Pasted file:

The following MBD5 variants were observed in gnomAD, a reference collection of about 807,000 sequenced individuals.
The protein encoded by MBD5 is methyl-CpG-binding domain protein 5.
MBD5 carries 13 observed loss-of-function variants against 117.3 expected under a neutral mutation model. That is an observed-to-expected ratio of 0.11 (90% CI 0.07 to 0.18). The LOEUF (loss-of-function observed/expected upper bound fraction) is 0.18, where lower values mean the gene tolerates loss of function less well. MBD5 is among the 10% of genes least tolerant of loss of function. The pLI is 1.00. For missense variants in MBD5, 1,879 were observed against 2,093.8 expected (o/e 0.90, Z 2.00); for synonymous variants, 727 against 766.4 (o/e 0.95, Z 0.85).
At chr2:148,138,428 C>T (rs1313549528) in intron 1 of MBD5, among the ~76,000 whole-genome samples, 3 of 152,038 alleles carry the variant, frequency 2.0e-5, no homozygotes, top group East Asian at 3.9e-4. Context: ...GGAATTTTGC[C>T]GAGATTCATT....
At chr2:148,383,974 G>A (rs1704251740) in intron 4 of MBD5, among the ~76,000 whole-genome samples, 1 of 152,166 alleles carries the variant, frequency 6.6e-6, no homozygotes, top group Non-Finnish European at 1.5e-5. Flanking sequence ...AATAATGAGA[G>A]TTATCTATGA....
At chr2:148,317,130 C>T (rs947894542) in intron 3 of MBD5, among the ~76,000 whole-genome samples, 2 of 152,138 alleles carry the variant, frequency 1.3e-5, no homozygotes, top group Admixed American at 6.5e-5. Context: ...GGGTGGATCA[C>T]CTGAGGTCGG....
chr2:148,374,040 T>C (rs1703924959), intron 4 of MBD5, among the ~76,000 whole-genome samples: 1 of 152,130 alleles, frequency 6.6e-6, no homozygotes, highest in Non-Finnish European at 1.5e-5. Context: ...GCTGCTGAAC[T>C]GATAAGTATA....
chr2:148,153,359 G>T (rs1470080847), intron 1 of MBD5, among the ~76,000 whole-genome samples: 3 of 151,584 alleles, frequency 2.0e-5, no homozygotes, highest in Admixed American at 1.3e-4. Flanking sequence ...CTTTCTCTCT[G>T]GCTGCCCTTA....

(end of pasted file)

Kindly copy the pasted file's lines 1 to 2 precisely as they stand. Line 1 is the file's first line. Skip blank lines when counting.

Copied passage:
The following MBD5 variants were observed in gnomAD, a reference collection of about 807,000 sequenced individuals.
The protein encoded by MBD5 is methyl-CpG-binding domain protein 5.